Joyce McMillan: Scottish Theatre's Remarkable Journey
Edinburgh International Book Festival
Joyce McMillan is probably the most respected theatre critic in Scotland, who currently writes on theatre and politics in The Scotsman but who has also written for The Herald and The Guardian.
This year, she released a book that brings together a selection of her reviews from 1982 to 2015, together with some essays to put them into theatrical, political and social context. The book, Theatre in Scotland: A Field of Dreams, was edited by former Traverse Theatre artistic director Philip Howard.
She said Howard came to her with the idea, which originally came from Irish writer and director Nicola McCartney.
Howard and McMillan worked closely together over a long time to find and filter the reviews. She said she had to buy an old Amstrad computer over the Internet to read some of her older floppy disks. Some reviews were lost as the Scottish editions of The Guardian were not archived along with other editions and she had not kept her own paper copies.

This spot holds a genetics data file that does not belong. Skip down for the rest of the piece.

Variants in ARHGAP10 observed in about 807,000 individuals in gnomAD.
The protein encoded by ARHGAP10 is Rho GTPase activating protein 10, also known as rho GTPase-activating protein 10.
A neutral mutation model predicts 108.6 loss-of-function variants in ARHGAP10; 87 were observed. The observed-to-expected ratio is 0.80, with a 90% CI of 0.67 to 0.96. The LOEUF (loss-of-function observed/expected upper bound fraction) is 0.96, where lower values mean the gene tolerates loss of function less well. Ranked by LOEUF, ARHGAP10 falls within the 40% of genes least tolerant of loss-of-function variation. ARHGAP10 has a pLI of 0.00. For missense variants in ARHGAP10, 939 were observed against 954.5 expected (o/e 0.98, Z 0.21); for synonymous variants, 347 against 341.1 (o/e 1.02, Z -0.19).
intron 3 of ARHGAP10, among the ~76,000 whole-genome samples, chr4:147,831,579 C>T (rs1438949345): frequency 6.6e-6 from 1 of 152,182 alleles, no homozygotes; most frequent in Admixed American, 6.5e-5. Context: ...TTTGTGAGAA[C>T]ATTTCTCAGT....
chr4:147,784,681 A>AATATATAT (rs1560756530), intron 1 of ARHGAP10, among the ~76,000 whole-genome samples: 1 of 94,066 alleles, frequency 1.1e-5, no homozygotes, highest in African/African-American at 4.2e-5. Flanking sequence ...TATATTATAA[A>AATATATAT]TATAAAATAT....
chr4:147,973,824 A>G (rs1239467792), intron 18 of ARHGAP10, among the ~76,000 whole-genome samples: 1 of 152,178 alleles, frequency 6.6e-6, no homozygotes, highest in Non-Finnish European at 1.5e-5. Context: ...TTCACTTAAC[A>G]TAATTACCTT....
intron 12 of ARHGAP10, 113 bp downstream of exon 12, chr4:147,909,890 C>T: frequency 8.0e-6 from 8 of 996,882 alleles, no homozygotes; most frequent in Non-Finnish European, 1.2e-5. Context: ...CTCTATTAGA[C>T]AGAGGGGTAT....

There were furious arguments between them about what to include. The book includes just 200 reviews out of around 6,000 that she has written over the last 35 years. They were first sorted to pick out the reviews that were well-written and said something important. From those, the reviews of the most significant productions were chosen.
What she was looking for back in 1982 was a Scottish voice, as she didn't think the Scottish taxpayer should be funding something that could be seen in London. Too much new work, she said, was a bit boring.
The 1980s, she said, was exciting for the Scottish voice, and the Glasgow City of Culture was tremendously important. By the 1990s, Scottish plays were being performed all over Europe, and so the excuse for not starting a Scottish national theatre because there wasn't a Scottish repertoire had gone. In 2004, National Theatre of Scotland began with Vicky Featherstone at the helm.
She said that, looking back, the productions that made a big impression on her at the time she remembers as though she saw them yesterday, whereas for the ones that didn't make an impression it is as though she never saw them at all.
Some companies, she said, have lapsed back to RP accents and only servants with Scottish accents; there is less made of the Scottish voice and Scottish language now than she heard twenty years ago from the likes of Liz Lochhead and Iain Heggie.
The event at the Book Festival was superbly chaired by Scottish playwright Davig Greig (now artistic director of Edinburgh's Lyceum Theatre), whose own knowledge of Scottish theatre made a very valuable input into the discussion.
Theatre in Scotland is published by Nick Hern Books.
Reviewer: David Chadderton